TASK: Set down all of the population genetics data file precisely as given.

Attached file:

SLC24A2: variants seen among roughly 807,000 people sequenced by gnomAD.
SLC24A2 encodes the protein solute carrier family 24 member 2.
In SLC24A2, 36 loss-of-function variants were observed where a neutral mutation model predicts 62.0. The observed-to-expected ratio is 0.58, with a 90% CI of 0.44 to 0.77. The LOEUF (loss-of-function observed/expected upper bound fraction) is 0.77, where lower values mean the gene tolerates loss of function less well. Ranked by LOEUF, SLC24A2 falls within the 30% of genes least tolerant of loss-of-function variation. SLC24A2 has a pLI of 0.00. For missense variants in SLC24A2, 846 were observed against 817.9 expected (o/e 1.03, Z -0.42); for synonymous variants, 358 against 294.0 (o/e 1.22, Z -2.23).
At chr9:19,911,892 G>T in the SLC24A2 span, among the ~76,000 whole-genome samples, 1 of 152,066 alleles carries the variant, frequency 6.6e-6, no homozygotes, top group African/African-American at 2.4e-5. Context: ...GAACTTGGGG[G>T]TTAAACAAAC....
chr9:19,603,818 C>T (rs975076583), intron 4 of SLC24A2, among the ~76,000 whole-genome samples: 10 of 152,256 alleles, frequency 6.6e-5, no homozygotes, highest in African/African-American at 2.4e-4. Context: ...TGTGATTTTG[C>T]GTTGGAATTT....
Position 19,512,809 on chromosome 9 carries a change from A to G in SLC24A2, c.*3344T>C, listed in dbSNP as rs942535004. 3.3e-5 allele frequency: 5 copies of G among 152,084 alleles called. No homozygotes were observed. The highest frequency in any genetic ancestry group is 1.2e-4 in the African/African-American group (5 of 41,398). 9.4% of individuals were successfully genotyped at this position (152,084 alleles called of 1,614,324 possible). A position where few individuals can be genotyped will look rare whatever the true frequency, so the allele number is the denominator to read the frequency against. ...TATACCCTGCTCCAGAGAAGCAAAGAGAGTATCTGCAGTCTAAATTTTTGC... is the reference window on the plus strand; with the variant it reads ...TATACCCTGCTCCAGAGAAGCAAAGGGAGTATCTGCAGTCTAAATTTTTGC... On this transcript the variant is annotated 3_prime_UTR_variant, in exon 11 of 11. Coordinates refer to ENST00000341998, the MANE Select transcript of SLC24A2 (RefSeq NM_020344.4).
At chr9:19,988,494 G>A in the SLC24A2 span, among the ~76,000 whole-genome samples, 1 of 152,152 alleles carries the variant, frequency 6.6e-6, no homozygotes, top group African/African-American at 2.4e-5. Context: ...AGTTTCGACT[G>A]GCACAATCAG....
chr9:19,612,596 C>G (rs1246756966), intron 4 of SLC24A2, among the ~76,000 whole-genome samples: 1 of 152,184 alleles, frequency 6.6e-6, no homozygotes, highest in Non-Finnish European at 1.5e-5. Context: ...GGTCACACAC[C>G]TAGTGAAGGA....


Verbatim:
SLC24A2: variants seen among roughly 807,000 people sequenced by gnomAD.
SLC24A2 encodes the protein solute carrier family 24 member 2.
In SLC24A2, 36 loss-of-function variants were observed where a neutral mutation model predicts 62.0. The observed-to-expected ratio is 0.58, with a 90% CI of 0.44 to 0.77. The LOEUF (loss-of-function observed/expected upper bound fraction) is 0.77, where lower values mean the gene tolerates loss of function less well. Ranked by LOEUF, SLC24A2 falls within the 30% of genes least tolerant of loss-of-function variation. SLC24A2 has a pLI of 0.00. For missense variants in SLC24A2, 846 were observed against 817.9 expected (o/e 1.03, Z -0.42); for synonymous variants, 358 against 294.0 (o/e 1.22, Z -2.23).
At chr9:19,911,892 G>T in the SLC24A2 span, among the ~76,000 whole-genome samples, 1 of 152,066 alleles carries the variant, frequency 6.6e-6, no homozygotes, top group African/African-American at 2.4e-5. Context: ...GAACTTGGGG[G>T]TTAAACAAAC....
chr9:19,603,818 C>T (rs975076583), intron 4 of SLC24A2, among the ~76,000 whole-genome samples: 10 of 152,256 alleles, frequency 6.6e-5, no homozygotes, highest in African/African-American at 2.4e-4. Context: ...TGTGATTTTG[C>T]GTTGGAATTT....
Position 19,512,809 on chromosome 9 carries a change from A to G in SLC24A2, c.*3344T>C, listed in dbSNP as rs942535004. 3.3e-5 allele frequency: 5 copies of G among 152,084 alleles called. No homozygotes were observed. The highest frequency in any genetic ancestry group is 1.2e-4 in the African/African-American group (5 of 41,398). 9.4% of individuals were successfully genotyped at this position (152,084 alleles called of 1,614,324 possible). A position where few individuals can be genotyped will look rare whatever the true frequency, so the allele number is the denominator to read the frequency against. ...TATACCCTGCTCCAGAGAAGCAAAGAGAGTATCTGCAGTCTAAATTTTTGC... is the reference window on the plus strand; with the variant it reads ...TATACCCTGCTCCAGAGAAGCAAAGGGAGTATCTGCAGTCTAAATTTTTGC... On this transcript the variant is annotated 3_prime_UTR_variant, in exon 11 of 11. Coordinates refer to ENST00000341998, the MANE Select transcript of SLC24A2 (RefSeq NM_020344.4).
At chr9:19,988,494 G>A in the SLC24A2 span, among the ~76,000 whole-genome samples, 1 of 152,152 alleles carries the variant, frequency 6.6e-6, no homozygotes, top group African/African-American at 2.4e-5. Context: ...AGTTTCGACT[G>A]GCACAATCAG....
chr9:19,612,596 C>G (rs1246756966), intron 4 of SLC24A2, among the ~76,000 whole-genome samples: 1 of 152,184 alleles, frequency 6.6e-6, no homozygotes, highest in Non-Finnish European at 1.5e-5. Context: ...GGTCACACAC[C>G]TAGTGAAGGA....